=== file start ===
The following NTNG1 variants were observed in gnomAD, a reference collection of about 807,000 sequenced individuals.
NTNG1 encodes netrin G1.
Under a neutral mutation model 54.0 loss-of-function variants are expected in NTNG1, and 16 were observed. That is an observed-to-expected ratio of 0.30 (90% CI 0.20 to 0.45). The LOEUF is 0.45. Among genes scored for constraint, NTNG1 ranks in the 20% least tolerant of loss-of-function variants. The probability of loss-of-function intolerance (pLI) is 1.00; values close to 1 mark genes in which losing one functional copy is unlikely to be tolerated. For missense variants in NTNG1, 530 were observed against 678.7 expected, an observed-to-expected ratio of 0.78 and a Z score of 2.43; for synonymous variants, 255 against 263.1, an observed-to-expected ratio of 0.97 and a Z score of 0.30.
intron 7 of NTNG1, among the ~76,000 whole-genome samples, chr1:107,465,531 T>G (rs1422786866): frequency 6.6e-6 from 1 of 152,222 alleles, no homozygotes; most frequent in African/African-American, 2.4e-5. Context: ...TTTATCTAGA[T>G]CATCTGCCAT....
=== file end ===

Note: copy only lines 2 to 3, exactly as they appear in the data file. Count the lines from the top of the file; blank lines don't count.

NTNG1 encodes netrin G1.
Under a neutral mutation model 54.0 loss-of-function variants are expected in NTNG1, and 16 were observed. That is an observed-to-expected ratio of 0.30 (90% CI 0.20 to 0.45). The LOEUF is 0.45. Among genes scored for constraint, NTNG1 ranks in the 20% least tolerant of loss-of-function variants. The probability of loss-of-function intolerance (pLI) is 1.00; values close to 1 mark genes in which losing one functional copy is unlikely to be tolerated. For missense variants in NTNG1, 530 were observed against 678.7 expected, an observed-to-expected ratio of 0.78 and a Z score of 2.43; for synonymous variants, 255 against 263.1, an observed-to-expected ratio of 0.97 and a Z score of 0.30.